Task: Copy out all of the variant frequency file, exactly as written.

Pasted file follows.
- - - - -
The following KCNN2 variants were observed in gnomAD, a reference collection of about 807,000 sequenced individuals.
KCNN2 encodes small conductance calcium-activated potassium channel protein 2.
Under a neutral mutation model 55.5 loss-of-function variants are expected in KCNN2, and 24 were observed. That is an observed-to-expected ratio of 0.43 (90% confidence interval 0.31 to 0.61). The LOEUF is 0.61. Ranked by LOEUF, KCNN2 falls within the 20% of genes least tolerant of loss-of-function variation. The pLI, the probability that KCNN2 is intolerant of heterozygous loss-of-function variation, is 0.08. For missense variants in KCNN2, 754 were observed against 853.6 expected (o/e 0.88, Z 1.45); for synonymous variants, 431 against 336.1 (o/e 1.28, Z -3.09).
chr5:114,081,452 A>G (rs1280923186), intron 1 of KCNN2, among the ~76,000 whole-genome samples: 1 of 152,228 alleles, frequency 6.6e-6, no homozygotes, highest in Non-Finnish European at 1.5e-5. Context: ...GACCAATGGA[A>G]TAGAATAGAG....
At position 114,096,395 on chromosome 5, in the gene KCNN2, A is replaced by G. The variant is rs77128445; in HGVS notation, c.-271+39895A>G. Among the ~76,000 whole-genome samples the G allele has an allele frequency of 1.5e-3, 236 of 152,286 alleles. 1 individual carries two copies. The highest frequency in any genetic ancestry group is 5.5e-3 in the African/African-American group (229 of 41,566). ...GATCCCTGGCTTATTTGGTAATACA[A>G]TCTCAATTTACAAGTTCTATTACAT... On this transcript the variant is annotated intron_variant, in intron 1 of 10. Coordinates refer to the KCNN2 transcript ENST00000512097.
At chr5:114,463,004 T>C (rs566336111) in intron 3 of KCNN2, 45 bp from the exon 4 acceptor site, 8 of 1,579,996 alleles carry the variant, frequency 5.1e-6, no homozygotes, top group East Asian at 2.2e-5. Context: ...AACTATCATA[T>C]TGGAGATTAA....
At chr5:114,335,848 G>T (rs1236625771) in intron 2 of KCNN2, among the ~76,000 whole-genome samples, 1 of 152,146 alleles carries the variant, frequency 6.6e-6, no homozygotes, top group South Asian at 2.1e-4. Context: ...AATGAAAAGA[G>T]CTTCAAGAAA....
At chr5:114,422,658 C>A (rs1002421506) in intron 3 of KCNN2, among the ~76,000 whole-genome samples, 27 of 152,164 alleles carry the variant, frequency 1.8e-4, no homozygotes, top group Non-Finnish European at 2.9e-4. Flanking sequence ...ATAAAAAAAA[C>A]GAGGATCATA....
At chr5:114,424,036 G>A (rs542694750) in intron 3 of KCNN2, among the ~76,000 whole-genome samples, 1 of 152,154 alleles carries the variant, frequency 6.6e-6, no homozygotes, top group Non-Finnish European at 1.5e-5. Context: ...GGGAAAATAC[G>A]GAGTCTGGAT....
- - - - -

The following KCNN2 variants were observed in gnomAD, a reference collection of about 807,000 sequenced individuals.
KCNN2 encodes small conductance calcium-activated potassium channel protein 2.
Under a neutral mutation model 55.5 loss-of-function variants are expected in KCNN2, and 24 were observed. That is an observed-to-expected ratio of 0.43 (90% confidence interval 0.31 to 0.61). The LOEUF is 0.61. Ranked by LOEUF, KCNN2 falls within the 20% of genes least tolerant of loss-of-function variation. The pLI, the probability that KCNN2 is intolerant of heterozygous loss-of-function variation, is 0.08. For missense variants in KCNN2, 754 were observed against 853.6 expected (o/e 0.88, Z 1.45); for synonymous variants, 431 against 336.1 (o/e 1.28, Z -3.09).
chr5:114,081,452 A>G (rs1280923186), intron 1 of KCNN2, among the ~76,000 whole-genome samples: 1 of 152,228 alleles, frequency 6.6e-6, no homozygotes, highest in Non-Finnish European at 1.5e-5. Context: ...GACCAATGGA[A>G]TAGAATAGAG....
At position 114,096,395 on chromosome 5, in the gene KCNN2, A is replaced by G. The variant is rs77128445; in HGVS notation, c.-271+39895A>G. Among the ~76,000 whole-genome samples the G allele has an allele frequency of 1.5e-3, 236 of 152,286 alleles. 1 individual carries two copies. The highest frequency in any genetic ancestry group is 5.5e-3 in the African/African-American group (229 of 41,566). ...GATCCCTGGCTTATTTGGTAATACA[A>G]TCTCAATTTACAAGTTCTATTACAT... On this transcript the variant is annotated intron_variant, in intron 1 of 10. Coordinates refer to the KCNN2 transcript ENST00000512097.
At chr5:114,463,004 T>C (rs566336111) in intron 3 of KCNN2, 45 bp from the exon 4 acceptor site, 8 of 1,579,996 alleles carry the variant, frequency 5.1e-6, no homozygotes, top group East Asian at 2.2e-5. Context: ...AACTATCATA[T>C]TGGAGATTAA....
At chr5:114,335,848 G>T (rs1236625771) in intron 2 of KCNN2, among the ~76,000 whole-genome samples, 1 of 152,146 alleles carries the variant, frequency 6.6e-6, no homozygotes, top group South Asian at 2.1e-4. Context: ...AATGAAAAGA[G>T]CTTCAAGAAA....
At chr5:114,422,658 C>A (rs1002421506) in intron 3 of KCNN2, among the ~76,000 whole-genome samples, 27 of 152,164 alleles carry the variant, frequency 1.8e-4, no homozygotes, top group Non-Finnish European at 2.9e-4. Flanking sequence ...ATAAAAAAAA[C>A]GAGGATCATA....
At chr5:114,424,036 G>A (rs542694750) in intron 3 of KCNN2, among the ~76,000 whole-genome samples, 1 of 152,154 alleles carries the variant, frequency 6.6e-6, no homozygotes, top group Non-Finnish European at 1.5e-5. Context: ...GGGAAAATAC[G>A]GAGTCTGGAT....